The machine proper, as far as electrical features are concerned, is now complete, although considerable work is still necessary 01 the connections between the fields and to the terminal blocks at the side of the machine. There are, however, the mechanical features of the bearings and pedestals which are taken care of in the two following plates.
The bearings proper, Figs. 1, 2, 5, and 6, are self-aligning, that is, they are constructed so as to adjust themselves automatically to the position of the shaft. This is accomplished by making the bearing casting with a hub on the outside which is turned to a spherical shape. The bearing pedestal and caps are then constructed so as to fit these pieces into a corresponding spherical support. This makes in effect a ball-and-socket arrangement, which allows considerable adjustment in any direction, so that it is not necessary to align the two pedestals accurately, either horizontally or vertically.
The scheme for keeping oil on the bearings is one commonly used for machines of this class. The oil is contained in the receptacle in the pedestal. The bearings have slots cut through, which arrangement allows oil rings to rest on the top surface of the shaft, the bottom of the ring dipping into the oil in the receptacle. As the shaft revolves, the rings pick up oil and transmit it to the top of the shaft. Grooves are cut in the babbitt metal forming the bearing surface so that this oil can flow over the whole surface of the bearing. It will be necessary, of course, for the draftsman to detail all these parts and to arrange them so that they will be easily constructed in the shop and easily assembled at any time afterward.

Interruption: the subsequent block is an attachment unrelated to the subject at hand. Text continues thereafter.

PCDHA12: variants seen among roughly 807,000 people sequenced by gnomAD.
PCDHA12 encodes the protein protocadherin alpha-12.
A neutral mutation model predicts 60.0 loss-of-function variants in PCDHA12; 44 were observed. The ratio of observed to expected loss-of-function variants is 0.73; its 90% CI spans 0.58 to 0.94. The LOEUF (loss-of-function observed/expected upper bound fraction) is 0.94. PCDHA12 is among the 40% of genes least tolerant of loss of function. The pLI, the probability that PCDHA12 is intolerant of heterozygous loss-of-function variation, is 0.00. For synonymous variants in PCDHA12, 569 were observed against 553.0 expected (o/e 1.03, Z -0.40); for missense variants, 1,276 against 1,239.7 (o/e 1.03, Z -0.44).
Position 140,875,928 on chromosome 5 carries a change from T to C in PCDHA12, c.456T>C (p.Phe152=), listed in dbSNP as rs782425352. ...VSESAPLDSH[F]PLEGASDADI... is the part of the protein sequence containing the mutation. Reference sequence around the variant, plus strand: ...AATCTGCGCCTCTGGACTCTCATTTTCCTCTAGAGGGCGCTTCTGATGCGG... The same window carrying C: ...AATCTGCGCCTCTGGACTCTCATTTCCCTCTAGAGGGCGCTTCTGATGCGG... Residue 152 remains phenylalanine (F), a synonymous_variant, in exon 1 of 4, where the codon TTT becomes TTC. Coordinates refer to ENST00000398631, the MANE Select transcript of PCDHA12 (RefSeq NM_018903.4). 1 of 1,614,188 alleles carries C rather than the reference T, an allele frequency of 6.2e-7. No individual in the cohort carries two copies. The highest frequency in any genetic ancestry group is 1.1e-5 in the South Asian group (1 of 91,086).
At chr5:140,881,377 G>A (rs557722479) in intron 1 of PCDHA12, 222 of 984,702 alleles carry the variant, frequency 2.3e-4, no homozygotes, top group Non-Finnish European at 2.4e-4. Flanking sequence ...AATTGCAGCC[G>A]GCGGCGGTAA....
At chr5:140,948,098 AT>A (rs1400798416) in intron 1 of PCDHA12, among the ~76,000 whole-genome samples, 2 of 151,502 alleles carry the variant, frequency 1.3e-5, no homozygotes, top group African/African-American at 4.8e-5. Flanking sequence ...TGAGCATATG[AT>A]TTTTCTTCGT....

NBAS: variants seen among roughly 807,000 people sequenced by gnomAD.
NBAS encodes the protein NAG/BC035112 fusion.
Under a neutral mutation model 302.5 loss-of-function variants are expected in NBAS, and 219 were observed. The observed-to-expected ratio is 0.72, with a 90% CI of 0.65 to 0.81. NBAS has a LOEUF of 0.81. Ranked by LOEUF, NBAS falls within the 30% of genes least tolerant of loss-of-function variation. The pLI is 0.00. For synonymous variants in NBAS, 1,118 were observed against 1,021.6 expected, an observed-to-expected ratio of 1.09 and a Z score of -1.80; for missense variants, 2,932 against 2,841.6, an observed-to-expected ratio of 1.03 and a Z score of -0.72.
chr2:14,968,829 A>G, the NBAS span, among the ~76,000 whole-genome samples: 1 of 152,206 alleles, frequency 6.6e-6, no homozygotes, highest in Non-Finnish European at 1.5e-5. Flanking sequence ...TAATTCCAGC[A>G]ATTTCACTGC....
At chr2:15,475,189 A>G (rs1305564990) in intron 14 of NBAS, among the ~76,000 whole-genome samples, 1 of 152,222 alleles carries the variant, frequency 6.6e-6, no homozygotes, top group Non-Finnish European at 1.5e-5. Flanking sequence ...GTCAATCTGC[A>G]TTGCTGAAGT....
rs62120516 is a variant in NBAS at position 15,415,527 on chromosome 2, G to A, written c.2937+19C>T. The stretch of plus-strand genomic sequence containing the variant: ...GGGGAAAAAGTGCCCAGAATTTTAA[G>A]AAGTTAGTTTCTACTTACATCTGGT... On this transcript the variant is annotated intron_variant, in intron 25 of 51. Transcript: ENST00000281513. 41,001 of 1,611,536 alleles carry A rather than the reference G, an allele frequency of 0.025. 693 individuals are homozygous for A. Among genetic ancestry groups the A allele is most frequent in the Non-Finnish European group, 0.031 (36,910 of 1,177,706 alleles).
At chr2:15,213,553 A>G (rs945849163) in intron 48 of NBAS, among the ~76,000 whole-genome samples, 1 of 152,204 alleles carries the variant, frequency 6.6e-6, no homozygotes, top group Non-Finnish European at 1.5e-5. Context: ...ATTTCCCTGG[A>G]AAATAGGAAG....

It will be noted that the bearings are lined with babbitt metal and that the two halves of the iron shell are cast with ridges so arranged that when the metal is in place it is held solidly with no chance for slipping or turning. This metal, of course, is poured into the bearing with the shaft in place. It will be seen that the openings in the top half of the bearing are so arranged that the babbitt metal can be poured in conveniently.
It is necessary, of course, to cut away the metal at this point after it is cold in order to provide a peep hole and in order to clear the slots for the oil rings. The inside surfaces, being shaped to fit after the metal is cold, have grooves for oil transmission cut in after the bearing is complete. Since these operations cannot be shown in the drawing, no information is given except as to the metals being used.
The details of the two bearings are much the same but, nevertheless, they are very carefully brought out in the drawings in order to give the foundryman and shopman the necessary information. The parts of the 4½X13½ inch bearing are made larger and stronger as this bearing is subject to greater strains, being on the side where the shaft coupling is placed.